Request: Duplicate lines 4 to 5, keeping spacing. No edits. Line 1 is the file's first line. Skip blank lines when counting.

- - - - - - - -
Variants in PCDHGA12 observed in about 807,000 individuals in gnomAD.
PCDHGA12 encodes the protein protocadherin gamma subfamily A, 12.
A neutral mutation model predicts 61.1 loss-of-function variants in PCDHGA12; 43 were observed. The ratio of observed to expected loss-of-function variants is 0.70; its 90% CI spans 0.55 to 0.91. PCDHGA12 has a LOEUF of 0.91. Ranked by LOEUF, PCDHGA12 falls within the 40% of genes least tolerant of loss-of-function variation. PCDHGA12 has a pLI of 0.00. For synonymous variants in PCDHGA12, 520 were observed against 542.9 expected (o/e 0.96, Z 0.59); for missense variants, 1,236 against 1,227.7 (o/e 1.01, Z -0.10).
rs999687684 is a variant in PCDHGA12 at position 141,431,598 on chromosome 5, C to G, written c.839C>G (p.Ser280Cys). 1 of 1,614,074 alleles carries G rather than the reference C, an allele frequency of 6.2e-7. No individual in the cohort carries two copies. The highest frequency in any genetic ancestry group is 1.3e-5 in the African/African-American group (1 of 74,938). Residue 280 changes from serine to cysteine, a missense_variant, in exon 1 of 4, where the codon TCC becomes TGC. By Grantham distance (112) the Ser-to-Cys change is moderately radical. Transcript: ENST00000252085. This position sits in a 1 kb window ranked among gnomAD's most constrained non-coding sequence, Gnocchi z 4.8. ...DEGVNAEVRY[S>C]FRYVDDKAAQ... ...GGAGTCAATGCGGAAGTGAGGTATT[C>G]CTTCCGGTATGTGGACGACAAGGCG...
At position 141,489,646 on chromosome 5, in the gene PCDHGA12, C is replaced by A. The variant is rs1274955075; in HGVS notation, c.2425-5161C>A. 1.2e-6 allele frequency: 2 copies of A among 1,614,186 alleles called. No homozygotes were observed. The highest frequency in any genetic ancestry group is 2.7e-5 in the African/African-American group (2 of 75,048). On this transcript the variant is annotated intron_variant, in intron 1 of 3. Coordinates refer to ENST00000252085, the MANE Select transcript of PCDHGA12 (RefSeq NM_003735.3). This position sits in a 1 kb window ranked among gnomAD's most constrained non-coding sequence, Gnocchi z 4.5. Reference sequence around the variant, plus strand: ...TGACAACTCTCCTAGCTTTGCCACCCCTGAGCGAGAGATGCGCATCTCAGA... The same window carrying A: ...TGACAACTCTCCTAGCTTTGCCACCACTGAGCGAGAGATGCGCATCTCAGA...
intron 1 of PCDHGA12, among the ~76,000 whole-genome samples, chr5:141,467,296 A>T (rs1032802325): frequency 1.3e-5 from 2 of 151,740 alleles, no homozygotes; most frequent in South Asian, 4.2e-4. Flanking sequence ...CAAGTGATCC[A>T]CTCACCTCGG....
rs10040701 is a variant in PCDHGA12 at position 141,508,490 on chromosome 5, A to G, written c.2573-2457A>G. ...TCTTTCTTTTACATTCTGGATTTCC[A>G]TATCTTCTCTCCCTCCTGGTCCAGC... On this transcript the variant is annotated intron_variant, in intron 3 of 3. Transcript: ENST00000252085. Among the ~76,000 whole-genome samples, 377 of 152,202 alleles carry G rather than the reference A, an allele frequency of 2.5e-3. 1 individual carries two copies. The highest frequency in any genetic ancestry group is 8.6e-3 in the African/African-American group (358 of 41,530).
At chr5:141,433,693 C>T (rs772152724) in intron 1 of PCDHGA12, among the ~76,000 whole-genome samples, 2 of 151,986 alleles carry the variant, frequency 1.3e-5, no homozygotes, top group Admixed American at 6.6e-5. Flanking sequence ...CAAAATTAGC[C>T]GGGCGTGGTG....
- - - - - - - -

rs999687684 is a variant in PCDHGA12 at position 141,431,598 on chromosome 5, C to G, written c.839C>G (p.Ser280Cys). 1 of 1,614,074 alleles carries G rather than the reference C, an allele frequency of 6.2e-7. No individual in the cohort carries two copies. The highest frequency in any genetic ancestry group is 1.3e-5 in the African/African-American group (1 of 74,938). Residue 280 changes from serine to cysteine, a missense_variant, in exon 1 of 4, where the codon TCC becomes TGC. By Grantham distance (112) the Ser-to-Cys change is moderately radical. Transcript: ENST00000252085. This position sits in a 1 kb window ranked among gnomAD's most constrained non-coding sequence, Gnocchi z 4.8. ...DEGVNAEVRY[S>C]FRYVDDKAAQ... ...GGAGTCAATGCGGAAGTGAGGTATT[C>G]CTTCCGGTATGTGGACGACAAGGCG...
At position 141,489,646 on chromosome 5, in the gene PCDHGA12, C is replaced by A. The variant is rs1274955075; in HGVS notation, c.2425-5161C>A. 1.2e-6 allele frequency: 2 copies of A among 1,614,186 alleles called. No homozygotes were observed. The highest frequency in any genetic ancestry group is 2.7e-5 in the African/African-American group (2 of 75,048). On this transcript the variant is annotated intron_variant, in intron 1 of 3. Coordinates refer to ENST00000252085, the MANE Select transcript of PCDHGA12 (RefSeq NM_003735.3). This position sits in a 1 kb window ranked among gnomAD's most constrained non-coding sequence, Gnocchi z 4.5. Reference sequence around the variant, plus strand: ...TGACAACTCTCCTAGCTTTGCCACCCCTGAGCGAGAGATGCGCATCTCAGA... The same window carrying A: ...TGACAACTCTCCTAGCTTTGCCACCACTGAGCGAGAGATGCGCATCTCAGA...